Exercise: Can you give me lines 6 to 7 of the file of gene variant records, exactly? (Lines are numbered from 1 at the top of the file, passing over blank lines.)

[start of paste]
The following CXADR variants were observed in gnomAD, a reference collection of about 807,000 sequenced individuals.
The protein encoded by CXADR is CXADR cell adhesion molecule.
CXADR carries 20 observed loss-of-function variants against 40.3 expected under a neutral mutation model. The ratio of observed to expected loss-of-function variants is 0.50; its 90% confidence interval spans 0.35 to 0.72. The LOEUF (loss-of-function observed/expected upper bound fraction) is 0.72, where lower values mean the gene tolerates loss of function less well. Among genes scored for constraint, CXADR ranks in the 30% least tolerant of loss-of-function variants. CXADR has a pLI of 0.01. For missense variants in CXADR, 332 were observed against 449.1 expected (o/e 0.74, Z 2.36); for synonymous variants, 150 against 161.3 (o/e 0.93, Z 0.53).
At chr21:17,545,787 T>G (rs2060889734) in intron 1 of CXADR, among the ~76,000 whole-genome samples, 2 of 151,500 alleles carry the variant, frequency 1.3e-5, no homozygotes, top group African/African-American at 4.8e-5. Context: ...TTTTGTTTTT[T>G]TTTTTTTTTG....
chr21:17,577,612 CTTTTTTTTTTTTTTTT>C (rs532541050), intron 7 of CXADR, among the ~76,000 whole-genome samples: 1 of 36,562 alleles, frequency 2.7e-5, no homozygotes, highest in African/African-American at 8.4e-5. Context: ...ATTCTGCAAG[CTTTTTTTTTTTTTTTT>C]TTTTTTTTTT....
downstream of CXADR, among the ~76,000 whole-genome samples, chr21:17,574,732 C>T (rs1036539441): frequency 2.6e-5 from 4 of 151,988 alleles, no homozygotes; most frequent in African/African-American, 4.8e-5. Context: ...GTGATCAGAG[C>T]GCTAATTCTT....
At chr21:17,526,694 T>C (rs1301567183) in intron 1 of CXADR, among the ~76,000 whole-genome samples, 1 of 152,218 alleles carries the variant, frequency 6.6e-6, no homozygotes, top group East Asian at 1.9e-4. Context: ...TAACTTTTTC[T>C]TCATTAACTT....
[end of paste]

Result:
downstream of CXADR, among the ~76,000 whole-genome samples, chr21:17,574,732 C>T (rs1036539441): frequency 2.6e-5 from 4 of 151,988 alleles, no homozygotes; most frequent in African/African-American, 4.8e-5. Context: ...GTGATCAGAG[C>T]GCTAATTCTT....
At chr21:17,526,694 T>C (rs1301567183) in intron 1 of CXADR, among the ~76,000 whole-genome samples, 1 of 152,218 alleles carries the variant, frequency 6.6e-6, no homozygotes, top group East Asian at 1.9e-4. Context: ...TAACTTTTTC[T>C]TCATTAACTT....